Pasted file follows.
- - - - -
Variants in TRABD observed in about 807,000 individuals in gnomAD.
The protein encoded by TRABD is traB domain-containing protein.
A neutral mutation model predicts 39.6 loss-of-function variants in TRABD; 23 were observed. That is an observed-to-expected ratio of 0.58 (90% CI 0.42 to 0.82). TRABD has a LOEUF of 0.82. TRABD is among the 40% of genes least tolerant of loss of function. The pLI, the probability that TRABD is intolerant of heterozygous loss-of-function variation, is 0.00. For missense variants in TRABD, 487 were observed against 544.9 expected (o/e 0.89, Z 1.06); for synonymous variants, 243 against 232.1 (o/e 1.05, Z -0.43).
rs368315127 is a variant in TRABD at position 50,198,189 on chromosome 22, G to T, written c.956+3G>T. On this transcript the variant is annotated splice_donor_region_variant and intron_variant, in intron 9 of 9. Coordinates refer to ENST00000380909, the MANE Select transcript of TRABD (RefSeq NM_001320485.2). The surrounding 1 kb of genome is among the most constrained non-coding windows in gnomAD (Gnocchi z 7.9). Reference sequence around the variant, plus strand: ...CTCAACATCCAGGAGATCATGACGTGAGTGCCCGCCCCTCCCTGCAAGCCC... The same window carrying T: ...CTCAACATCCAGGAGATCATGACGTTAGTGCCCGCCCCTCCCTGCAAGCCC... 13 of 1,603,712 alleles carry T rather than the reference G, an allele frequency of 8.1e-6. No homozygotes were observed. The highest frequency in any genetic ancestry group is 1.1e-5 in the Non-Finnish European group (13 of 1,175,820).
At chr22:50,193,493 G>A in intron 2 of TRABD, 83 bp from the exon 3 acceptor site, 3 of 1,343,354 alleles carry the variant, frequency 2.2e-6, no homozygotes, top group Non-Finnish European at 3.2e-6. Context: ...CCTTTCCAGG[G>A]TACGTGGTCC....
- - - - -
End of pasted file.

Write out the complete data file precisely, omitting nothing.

Variants in TRABD observed in about 807,000 individuals in gnomAD.
The protein encoded by TRABD is traB domain-containing protein.
A neutral mutation model predicts 39.6 loss-of-function variants in TRABD; 23 were observed. That is an observed-to-expected ratio of 0.58 (90% CI 0.42 to 0.82). TRABD has a LOEUF of 0.82. TRABD is among the 40% of genes least tolerant of loss of function. The pLI, the probability that TRABD is intolerant of heterozygous loss-of-function variation, is 0.00. For missense variants in TRABD, 487 were observed against 544.9 expected (o/e 0.89, Z 1.06); for synonymous variants, 243 against 232.1 (o/e 1.05, Z -0.43).
rs368315127 is a variant in TRABD at position 50,198,189 on chromosome 22, G to T, written c.956+3G>T. On this transcript the variant is annotated splice_donor_region_variant and intron_variant, in intron 9 of 9. Coordinates refer to ENST00000380909, the MANE Select transcript of TRABD (RefSeq NM_001320485.2). The surrounding 1 kb of genome is among the most constrained non-coding windows in gnomAD (Gnocchi z 7.9). Reference sequence around the variant, plus strand: ...CTCAACATCCAGGAGATCATGACGTGAGTGCCCGCCCCTCCCTGCAAGCCC... The same window carrying T: ...CTCAACATCCAGGAGATCATGACGTTAGTGCCCGCCCCTCCCTGCAAGCCC... 13 of 1,603,712 alleles carry T rather than the reference G, an allele frequency of 8.1e-6. No homozygotes were observed. The highest frequency in any genetic ancestry group is 1.1e-5 in the Non-Finnish European group (13 of 1,175,820).
At chr22:50,193,493 G>A in intron 2 of TRABD, 83 bp from the exon 3 acceptor site, 3 of 1,343,354 alleles carry the variant, frequency 2.2e-6, no homozygotes, top group Non-Finnish European at 3.2e-6. Context: ...CCTTTCCAGG[G>A]TACGTGGTCC....